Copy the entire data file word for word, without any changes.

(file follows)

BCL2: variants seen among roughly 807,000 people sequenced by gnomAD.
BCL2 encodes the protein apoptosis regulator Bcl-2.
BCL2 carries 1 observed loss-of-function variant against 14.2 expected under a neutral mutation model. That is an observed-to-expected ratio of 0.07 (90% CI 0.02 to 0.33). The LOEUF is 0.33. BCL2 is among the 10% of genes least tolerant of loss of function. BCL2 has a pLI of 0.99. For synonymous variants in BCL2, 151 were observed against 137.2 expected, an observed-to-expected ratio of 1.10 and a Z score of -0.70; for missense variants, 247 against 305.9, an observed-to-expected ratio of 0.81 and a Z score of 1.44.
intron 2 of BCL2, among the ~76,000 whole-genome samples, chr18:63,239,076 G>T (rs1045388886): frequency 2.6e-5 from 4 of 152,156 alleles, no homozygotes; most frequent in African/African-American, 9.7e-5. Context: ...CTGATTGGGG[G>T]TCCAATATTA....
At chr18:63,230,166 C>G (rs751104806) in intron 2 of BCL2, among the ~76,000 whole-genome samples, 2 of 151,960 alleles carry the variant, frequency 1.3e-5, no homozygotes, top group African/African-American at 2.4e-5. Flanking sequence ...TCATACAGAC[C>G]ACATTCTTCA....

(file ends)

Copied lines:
BCL2: variants seen among roughly 807,000 people sequenced by gnomAD.
BCL2 encodes the protein apoptosis regulator Bcl-2.
BCL2 carries 1 observed loss-of-function variant against 14.2 expected under a neutral mutation model. That is an observed-to-expected ratio of 0.07 (90% CI 0.02 to 0.33). The LOEUF is 0.33. BCL2 is among the 10% of genes least tolerant of loss of function. BCL2 has a pLI of 0.99. For synonymous variants in BCL2, 151 were observed against 137.2 expected, an observed-to-expected ratio of 1.10 and a Z score of -0.70; for missense variants, 247 against 305.9, an observed-to-expected ratio of 0.81 and a Z score of 1.44.
intron 2 of BCL2, among the ~76,000 whole-genome samples, chr18:63,239,076 G>T (rs1045388886): frequency 2.6e-5 from 4 of 152,156 alleles, no homozygotes; most frequent in African/African-American, 9.7e-5. Context: ...CTGATTGGGG[G>T]TCCAATATTA....
At chr18:63,230,166 C>G (rs751104806) in intron 2 of BCL2, among the ~76,000 whole-genome samples, 2 of 151,960 alleles carry the variant, frequency 1.3e-5, no homozygotes, top group African/African-American at 2.4e-5. Flanking sequence ...TCATACAGAC[C>G]ACATTCTTCA....